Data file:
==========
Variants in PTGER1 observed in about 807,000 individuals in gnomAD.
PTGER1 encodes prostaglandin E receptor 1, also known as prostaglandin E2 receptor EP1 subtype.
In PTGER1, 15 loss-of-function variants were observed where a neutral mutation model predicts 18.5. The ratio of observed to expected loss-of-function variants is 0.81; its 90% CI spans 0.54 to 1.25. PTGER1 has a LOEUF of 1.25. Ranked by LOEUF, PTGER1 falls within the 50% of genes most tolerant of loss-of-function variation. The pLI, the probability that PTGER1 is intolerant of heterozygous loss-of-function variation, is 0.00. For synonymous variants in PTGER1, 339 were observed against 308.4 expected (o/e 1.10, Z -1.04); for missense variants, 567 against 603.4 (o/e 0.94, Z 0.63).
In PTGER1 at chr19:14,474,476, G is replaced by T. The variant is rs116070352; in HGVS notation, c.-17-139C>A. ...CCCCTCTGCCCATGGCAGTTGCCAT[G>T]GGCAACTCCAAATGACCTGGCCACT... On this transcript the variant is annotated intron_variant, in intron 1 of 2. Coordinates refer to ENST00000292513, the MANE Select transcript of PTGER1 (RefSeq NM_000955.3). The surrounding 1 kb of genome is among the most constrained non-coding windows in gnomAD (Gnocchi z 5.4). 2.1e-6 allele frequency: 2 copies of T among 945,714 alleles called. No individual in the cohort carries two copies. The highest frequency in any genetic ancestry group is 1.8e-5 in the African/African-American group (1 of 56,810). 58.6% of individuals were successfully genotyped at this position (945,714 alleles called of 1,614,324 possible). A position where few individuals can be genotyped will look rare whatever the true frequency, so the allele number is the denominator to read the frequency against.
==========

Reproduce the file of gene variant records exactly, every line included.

Variants in PTGER1 observed in about 807,000 individuals in gnomAD.
PTGER1 encodes prostaglandin E receptor 1, also known as prostaglandin E2 receptor EP1 subtype.
In PTGER1, 15 loss-of-function variants were observed where a neutral mutation model predicts 18.5. The ratio of observed to expected loss-of-function variants is 0.81; its 90% CI spans 0.54 to 1.25. PTGER1 has a LOEUF of 1.25. Ranked by LOEUF, PTGER1 falls within the 50% of genes most tolerant of loss-of-function variation. The pLI, the probability that PTGER1 is intolerant of heterozygous loss-of-function variation, is 0.00. For synonymous variants in PTGER1, 339 were observed against 308.4 expected (o/e 1.10, Z -1.04); for missense variants, 567 against 603.4 (o/e 0.94, Z 0.63).
In PTGER1 at chr19:14,474,476, G is replaced by T. The variant is rs116070352; in HGVS notation, c.-17-139C>A. ...CCCCTCTGCCCATGGCAGTTGCCAT[G>T]GGCAACTCCAAATGACCTGGCCACT... On this transcript the variant is annotated intron_variant, in intron 1 of 2. Coordinates refer to ENST00000292513, the MANE Select transcript of PTGER1 (RefSeq NM_000955.3). The surrounding 1 kb of genome is among the most constrained non-coding windows in gnomAD (Gnocchi z 5.4). 2.1e-6 allele frequency: 2 copies of T among 945,714 alleles called. No individual in the cohort carries two copies. The highest frequency in any genetic ancestry group is 1.8e-5 in the African/African-American group (1 of 56,810). 58.6% of individuals were successfully genotyped at this position (945,714 alleles called of 1,614,324 possible). A position where few individuals can be genotyped will look rare whatever the true frequency, so the allele number is the denominator to read the frequency against.